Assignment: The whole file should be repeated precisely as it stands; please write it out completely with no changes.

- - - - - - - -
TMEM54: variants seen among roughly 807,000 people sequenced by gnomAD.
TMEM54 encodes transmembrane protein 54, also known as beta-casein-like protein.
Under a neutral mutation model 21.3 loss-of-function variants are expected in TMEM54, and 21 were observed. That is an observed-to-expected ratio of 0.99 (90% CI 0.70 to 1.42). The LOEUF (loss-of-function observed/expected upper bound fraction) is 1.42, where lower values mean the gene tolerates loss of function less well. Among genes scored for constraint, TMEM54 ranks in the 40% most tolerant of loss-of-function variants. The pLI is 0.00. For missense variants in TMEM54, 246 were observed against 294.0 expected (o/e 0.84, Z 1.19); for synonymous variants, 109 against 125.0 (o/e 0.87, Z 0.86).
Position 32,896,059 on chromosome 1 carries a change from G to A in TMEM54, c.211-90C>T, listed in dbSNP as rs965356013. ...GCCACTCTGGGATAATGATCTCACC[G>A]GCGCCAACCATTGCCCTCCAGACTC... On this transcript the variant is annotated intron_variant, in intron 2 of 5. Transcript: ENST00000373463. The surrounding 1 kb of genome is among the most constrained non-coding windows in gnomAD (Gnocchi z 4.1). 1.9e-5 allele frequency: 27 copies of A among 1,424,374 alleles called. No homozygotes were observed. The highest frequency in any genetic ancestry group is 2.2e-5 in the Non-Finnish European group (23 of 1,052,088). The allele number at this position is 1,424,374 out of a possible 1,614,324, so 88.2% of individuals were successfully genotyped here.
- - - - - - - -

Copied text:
TMEM54: variants seen among roughly 807,000 people sequenced by gnomAD.
TMEM54 encodes transmembrane protein 54, also known as beta-casein-like protein.
Under a neutral mutation model 21.3 loss-of-function variants are expected in TMEM54, and 21 were observed. That is an observed-to-expected ratio of 0.99 (90% CI 0.70 to 1.42). The LOEUF (loss-of-function observed/expected upper bound fraction) is 1.42, where lower values mean the gene tolerates loss of function less well. Among genes scored for constraint, TMEM54 ranks in the 40% most tolerant of loss-of-function variants. The pLI is 0.00. For missense variants in TMEM54, 246 were observed against 294.0 expected (o/e 0.84, Z 1.19); for synonymous variants, 109 against 125.0 (o/e 0.87, Z 0.86).
Position 32,896,059 on chromosome 1 carries a change from G to A in TMEM54, c.211-90C>T, listed in dbSNP as rs965356013. ...GCCACTCTGGGATAATGATCTCACC[G>A]GCGCCAACCATTGCCCTCCAGACTC... On this transcript the variant is annotated intron_variant, in intron 2 of 5. Transcript: ENST00000373463. The surrounding 1 kb of genome is among the most constrained non-coding windows in gnomAD (Gnocchi z 4.1). 1.9e-5 allele frequency: 27 copies of A among 1,424,374 alleles called. No homozygotes were observed. The highest frequency in any genetic ancestry group is 2.2e-5 in the Non-Finnish European group (23 of 1,052,088). The allele number at this position is 1,424,374 out of a possible 1,614,324, so 88.2% of individuals were successfully genotyped here.